Polish retail sales fell less than expected in September, signalling growing consumer resilience as central Europe's biggest economy works towards recovery with inflation receding, reports Reuters. With price growth moderating across central Europe, some central banks in the region - including the Polish central bank - have already started reversing tight monetary policy of recent years. Backed by strong wage growth and generous government spending before an election earlier this month, Polish retail sales in September eased 0.3% year-on-year, after falling 2.7% in August. Analysts were expecting a reading of -2.0%, and they said the data should bode well for the economy next year. "The decline in inflation and the recovery of real wages are doing their job... Consumption will be the main driver of growth in 2024," ING Bank Slaski economists said in a note. Earlier this month, Czech September retail sales data showed a downside surprise with a deeper slump than August, while Hungary's calendar-adjusted retail sales fell by an annual 7.1% in August.
Coop Italia has launched a new budget private-label range under the Spesotti brand, which the retailer says offers significant savings on everyday items, reports ESMmagazine.com. The range includes around 300 SKUs across 75 categories, which feature an exclamation point as a recurring iconic element. It includes products such as pasta, tomato puree, beer, chips, pistachios, legumes, canned tuna, mackerel, salmon, anchovies, frozen vegetables, fish, breakfast items and ice cream. In addition to food, the Spesotti line also includes a broad range of home and personal care products, Coop Italia noted. According to the retailer, prices are guaranteed to be lower than comparable branded products, and all products meet Coop's high quality standards – for example, all Spesotti products are free of artificial flavours and colourants, and all eggs used are free-range in origin.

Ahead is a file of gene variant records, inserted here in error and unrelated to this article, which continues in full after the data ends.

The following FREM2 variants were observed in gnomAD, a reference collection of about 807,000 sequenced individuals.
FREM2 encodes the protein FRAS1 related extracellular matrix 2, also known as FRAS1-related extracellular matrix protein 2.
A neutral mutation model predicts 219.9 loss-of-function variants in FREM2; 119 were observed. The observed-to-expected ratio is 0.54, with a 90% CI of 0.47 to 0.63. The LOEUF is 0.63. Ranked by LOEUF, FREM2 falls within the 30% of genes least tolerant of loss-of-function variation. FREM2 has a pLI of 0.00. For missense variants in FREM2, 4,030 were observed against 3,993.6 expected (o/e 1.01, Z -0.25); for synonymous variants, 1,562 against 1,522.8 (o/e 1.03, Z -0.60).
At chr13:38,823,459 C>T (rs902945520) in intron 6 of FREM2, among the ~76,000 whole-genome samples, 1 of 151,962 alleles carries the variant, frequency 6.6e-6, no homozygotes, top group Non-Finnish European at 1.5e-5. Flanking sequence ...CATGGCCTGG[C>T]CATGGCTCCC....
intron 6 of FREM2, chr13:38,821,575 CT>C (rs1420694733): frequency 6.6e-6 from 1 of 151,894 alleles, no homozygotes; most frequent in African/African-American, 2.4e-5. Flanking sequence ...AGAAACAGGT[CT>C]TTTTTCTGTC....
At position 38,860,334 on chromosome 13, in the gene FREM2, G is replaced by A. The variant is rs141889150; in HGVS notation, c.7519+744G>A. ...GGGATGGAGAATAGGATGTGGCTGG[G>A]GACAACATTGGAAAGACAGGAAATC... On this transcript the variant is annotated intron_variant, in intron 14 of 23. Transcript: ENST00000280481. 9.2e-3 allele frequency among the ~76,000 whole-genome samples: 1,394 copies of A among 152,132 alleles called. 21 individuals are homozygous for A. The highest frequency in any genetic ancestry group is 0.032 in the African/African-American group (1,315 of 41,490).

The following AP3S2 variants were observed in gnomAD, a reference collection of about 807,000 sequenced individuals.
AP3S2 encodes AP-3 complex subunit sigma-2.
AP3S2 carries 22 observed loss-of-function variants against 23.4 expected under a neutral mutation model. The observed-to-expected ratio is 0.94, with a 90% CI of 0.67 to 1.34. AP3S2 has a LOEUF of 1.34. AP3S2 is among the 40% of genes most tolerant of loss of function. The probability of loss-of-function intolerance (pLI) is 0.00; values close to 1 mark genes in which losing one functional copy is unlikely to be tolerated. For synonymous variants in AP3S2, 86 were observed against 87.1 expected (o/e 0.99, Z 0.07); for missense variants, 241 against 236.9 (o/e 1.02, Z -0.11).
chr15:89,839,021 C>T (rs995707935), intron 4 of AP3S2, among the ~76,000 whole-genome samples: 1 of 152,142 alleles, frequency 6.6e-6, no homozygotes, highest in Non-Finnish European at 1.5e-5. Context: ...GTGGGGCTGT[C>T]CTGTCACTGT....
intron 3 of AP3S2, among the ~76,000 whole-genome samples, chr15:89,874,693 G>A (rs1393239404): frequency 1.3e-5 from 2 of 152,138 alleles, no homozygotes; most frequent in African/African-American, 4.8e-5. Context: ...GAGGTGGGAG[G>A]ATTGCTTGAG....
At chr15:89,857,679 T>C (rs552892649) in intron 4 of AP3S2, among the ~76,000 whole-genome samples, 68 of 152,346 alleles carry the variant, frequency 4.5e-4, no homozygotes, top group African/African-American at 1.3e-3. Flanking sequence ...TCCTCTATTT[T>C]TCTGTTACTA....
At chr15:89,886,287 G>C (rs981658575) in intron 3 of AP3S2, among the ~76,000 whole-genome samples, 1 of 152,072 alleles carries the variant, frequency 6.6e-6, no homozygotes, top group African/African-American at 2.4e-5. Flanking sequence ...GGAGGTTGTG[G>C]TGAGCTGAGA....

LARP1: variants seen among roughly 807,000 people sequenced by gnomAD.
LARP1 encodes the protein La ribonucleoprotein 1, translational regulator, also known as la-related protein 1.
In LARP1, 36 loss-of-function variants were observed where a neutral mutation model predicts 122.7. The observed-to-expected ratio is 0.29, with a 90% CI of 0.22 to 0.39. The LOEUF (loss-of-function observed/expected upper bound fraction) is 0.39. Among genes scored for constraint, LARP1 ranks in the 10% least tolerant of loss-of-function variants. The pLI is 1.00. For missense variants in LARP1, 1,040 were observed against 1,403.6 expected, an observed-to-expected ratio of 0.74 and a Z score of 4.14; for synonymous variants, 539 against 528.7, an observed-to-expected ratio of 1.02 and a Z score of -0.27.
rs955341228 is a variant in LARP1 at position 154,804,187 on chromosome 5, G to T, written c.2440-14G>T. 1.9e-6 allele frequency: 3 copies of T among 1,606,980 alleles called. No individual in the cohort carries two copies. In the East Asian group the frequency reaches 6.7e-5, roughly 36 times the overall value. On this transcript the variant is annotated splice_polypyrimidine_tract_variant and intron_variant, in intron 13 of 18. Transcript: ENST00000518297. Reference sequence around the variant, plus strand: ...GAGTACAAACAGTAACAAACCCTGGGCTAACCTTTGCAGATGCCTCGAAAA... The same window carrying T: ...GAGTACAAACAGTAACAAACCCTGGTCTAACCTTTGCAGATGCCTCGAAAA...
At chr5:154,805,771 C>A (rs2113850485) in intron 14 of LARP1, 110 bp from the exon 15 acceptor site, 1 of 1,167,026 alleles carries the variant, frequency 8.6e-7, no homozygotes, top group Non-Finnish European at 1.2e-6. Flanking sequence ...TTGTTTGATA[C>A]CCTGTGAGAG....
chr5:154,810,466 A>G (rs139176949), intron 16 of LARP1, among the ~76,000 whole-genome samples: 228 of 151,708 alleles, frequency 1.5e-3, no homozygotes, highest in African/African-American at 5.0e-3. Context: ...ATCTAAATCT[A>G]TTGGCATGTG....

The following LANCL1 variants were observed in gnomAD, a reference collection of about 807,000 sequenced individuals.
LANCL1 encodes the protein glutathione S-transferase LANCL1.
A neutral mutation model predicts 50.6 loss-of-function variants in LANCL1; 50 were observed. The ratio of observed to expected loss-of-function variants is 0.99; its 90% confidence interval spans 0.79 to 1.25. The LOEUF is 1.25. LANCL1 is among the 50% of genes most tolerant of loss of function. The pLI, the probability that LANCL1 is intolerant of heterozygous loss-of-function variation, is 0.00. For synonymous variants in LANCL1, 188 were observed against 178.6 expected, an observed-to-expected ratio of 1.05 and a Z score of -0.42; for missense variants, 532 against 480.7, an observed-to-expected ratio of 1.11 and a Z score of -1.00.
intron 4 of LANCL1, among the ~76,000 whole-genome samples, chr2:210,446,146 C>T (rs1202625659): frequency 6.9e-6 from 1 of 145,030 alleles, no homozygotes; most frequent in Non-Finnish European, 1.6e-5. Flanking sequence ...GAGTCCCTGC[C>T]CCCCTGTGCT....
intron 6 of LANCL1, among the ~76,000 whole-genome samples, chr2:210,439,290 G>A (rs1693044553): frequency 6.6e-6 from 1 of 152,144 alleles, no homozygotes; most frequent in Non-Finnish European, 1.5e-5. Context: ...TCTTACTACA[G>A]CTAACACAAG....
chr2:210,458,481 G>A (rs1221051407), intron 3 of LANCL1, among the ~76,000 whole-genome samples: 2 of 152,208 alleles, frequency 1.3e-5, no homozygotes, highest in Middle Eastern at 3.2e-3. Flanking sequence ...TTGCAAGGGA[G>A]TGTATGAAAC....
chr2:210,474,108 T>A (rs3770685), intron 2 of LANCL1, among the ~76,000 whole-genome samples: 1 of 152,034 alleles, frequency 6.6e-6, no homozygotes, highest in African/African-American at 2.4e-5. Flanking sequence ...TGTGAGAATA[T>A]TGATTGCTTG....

Australia has said that a group of Middle Eastern countries had extended the maximum shelf life they will accept on imported chilled red meat, making it easier and cheaper for Australia to ship beef and lamb to the region, reports Reuters. The Gulf Cooperation Council (GCC) – a group comprising Bahrain, Kuwait, Oman, Qatar, Saudi Arabia and the United Arab Emirates – has raised the shelf life limit on vacuum-packed chilled meat and meat products to 120 days for beef and 90 days for lamb and goat meat from 70 days previously. Some of the countries had previously raised their shelf life limits. The move by the GCC brings all six countries into line. The change was enabled by improvements in packaging and refrigeration along the supply chain, according to Australia's agricultural ministry. "Not only does this improved market access mean that export by sea is now possible – saving approximately A$3/kilogram ($1.90) of product – but our product can also keep their premium price longer, which means higher profit," agriculture minister Murray Watt said in a statement.